This book addresses these issues, focusing on mostly three key questions: How to improve the robustness of the decision-making process leading to the option of PPP? How to improve contract management as the longest phase of the process? How can contracts be improved to accommodate uncertainty and avoid harmful renegotiations? The authors explore the concept of flexible contracts, the uncertainty modeling for improving the robustness of the decision-making process, and develop an overall framework for effective contract management, along with a comprehensive analysis of current renegotiation patterns. The ultimate goal is to improve the contractual performance, as well as the overall infrastructure management and social welfare.
Drawing on an array of archival evidence from court records to the poems of Chaucer, this work explores how medieval thinkers understood economic activity, how their ideas were transmitted and the extent to which they were accepted. Moving beyond the impersonal operations of an economy to its ethical dimension, Hole’s socio-cultural study considers not only the ideas and beliefs of theologians and philosophers, but how these influenced assumptions and preoccupations about material concerns in late medieval English society. Beginning with late medieval English writings on economic ethics and its origins, the author illuminates a society which, although strictly hierarchical and unequal, nevertheless fostered expectations that all its members should avoid greed and excess consumption. Throughout, Hole aims to show that economic ethics had a broader application than trade and usury in late medieval England.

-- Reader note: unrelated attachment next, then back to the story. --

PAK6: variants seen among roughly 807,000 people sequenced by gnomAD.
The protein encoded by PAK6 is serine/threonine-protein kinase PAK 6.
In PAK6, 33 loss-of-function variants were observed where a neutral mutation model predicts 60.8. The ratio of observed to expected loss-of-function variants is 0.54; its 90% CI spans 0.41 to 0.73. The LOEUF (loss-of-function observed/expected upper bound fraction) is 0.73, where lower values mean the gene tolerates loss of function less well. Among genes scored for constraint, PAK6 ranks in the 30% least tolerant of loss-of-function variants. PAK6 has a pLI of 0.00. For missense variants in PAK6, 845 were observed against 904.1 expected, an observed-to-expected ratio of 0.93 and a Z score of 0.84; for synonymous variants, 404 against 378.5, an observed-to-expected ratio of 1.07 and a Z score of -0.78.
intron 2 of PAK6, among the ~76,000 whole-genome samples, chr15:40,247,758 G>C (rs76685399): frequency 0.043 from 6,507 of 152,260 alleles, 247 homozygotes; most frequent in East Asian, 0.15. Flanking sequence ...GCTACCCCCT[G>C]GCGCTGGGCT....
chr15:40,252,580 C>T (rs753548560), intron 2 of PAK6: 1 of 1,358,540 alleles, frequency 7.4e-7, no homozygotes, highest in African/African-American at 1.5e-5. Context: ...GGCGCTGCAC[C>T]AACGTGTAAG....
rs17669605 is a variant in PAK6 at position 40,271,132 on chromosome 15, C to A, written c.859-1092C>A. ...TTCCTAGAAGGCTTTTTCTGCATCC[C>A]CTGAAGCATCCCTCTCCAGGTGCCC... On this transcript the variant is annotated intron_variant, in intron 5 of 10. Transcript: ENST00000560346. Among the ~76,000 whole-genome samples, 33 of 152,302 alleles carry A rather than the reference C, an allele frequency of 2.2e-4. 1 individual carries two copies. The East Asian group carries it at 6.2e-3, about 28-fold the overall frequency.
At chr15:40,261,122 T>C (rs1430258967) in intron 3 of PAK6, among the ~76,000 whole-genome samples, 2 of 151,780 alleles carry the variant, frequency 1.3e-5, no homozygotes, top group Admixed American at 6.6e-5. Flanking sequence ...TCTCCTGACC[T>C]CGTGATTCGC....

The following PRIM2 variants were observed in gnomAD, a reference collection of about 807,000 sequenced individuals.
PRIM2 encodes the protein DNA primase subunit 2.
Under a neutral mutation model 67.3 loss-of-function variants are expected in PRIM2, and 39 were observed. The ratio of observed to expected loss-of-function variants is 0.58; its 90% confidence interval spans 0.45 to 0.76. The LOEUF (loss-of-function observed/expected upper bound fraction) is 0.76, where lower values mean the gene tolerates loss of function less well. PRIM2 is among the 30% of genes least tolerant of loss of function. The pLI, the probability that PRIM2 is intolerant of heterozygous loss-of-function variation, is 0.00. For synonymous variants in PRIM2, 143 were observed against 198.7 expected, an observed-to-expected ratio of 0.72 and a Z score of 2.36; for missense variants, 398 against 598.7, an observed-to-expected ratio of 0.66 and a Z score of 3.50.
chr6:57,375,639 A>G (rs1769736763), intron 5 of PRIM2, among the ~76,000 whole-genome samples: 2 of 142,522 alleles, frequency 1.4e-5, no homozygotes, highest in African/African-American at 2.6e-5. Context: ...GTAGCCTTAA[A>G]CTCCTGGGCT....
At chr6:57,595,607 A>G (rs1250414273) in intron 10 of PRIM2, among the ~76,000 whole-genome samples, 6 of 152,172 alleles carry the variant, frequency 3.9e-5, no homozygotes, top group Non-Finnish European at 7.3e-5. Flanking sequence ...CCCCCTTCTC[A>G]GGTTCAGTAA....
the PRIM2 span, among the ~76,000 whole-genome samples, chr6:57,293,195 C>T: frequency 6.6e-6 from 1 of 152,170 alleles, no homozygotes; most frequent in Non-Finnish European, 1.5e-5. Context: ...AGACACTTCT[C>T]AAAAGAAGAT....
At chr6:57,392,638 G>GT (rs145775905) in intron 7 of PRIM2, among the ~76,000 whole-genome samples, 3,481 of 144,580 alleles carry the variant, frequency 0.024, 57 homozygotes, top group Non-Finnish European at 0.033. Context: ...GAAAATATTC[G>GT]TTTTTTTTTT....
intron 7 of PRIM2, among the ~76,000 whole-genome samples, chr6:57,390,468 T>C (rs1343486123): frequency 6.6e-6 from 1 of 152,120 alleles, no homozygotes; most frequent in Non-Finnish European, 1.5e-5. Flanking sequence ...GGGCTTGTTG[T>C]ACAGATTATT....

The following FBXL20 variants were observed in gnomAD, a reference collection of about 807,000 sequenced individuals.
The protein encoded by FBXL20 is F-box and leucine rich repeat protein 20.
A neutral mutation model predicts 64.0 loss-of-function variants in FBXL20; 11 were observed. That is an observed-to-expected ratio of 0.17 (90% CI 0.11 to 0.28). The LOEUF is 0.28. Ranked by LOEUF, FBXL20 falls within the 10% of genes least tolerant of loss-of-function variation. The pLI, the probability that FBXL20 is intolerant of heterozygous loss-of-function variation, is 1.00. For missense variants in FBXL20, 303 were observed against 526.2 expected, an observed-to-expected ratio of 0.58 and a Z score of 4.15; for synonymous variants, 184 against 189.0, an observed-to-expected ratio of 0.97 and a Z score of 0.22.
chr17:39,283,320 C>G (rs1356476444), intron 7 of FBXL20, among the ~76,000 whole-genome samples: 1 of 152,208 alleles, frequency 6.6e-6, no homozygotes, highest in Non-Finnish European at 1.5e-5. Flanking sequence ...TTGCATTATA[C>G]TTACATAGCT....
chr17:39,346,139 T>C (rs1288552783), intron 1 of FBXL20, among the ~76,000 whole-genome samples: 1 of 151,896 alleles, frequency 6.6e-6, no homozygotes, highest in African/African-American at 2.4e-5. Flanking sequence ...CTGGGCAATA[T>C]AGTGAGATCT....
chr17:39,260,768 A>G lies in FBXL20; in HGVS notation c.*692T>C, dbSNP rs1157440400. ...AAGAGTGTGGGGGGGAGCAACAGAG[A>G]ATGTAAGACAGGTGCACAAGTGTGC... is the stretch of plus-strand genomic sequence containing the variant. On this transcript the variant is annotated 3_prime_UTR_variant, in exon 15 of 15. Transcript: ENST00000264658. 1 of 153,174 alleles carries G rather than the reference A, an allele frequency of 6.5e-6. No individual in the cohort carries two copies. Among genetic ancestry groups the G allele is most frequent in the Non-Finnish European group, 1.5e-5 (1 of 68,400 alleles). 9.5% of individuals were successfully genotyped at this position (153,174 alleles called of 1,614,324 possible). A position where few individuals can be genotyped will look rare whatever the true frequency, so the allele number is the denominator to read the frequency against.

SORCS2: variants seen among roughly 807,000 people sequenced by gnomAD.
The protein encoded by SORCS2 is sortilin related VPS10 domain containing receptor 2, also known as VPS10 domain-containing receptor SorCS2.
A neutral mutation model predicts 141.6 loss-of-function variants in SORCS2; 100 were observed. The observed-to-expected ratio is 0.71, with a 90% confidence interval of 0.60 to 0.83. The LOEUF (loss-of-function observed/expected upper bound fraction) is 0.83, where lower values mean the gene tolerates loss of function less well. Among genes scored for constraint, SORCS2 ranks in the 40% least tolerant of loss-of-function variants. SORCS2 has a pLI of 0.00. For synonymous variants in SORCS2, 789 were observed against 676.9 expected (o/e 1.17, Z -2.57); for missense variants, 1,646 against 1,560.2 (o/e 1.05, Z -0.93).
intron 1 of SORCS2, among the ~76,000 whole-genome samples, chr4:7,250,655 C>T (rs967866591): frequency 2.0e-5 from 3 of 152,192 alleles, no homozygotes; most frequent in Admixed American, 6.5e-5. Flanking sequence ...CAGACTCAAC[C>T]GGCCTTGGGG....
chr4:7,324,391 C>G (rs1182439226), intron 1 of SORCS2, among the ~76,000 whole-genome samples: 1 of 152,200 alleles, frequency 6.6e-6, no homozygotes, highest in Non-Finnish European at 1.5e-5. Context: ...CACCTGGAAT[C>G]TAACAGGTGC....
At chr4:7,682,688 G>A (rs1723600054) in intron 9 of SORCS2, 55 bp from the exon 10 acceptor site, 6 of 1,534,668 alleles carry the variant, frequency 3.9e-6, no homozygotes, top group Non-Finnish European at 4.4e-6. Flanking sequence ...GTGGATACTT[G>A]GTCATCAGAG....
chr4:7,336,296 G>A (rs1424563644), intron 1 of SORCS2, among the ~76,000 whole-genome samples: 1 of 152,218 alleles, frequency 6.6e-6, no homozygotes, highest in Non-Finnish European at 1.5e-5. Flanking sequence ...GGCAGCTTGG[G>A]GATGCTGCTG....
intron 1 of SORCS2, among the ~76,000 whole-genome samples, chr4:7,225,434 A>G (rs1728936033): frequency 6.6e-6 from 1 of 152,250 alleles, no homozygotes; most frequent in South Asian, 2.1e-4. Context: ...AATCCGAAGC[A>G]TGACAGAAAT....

This book elucidates fundamental governance features and issues in contemporary China. While especially focusing on principal governance areas, it offers comprehensive coverage, capturing the dynamics of governance across vertical and horizontal connexions. The book is succinctly written and systematically addresses essential governance aspects that to date have only been dealt with separately and sporadically: state governance, the executive branch and administration, organization of production and approaches to production, and governance conventions and protocols. Further, it examines the evolution of governance practice in terms of both political and legal superstructure and economic base/infrastructure. Adopting a purely analytical approach and making no value judgments on the country’s social institutions and political systems, the book offers a vital resource to help readers grasp the complexities of governance in China.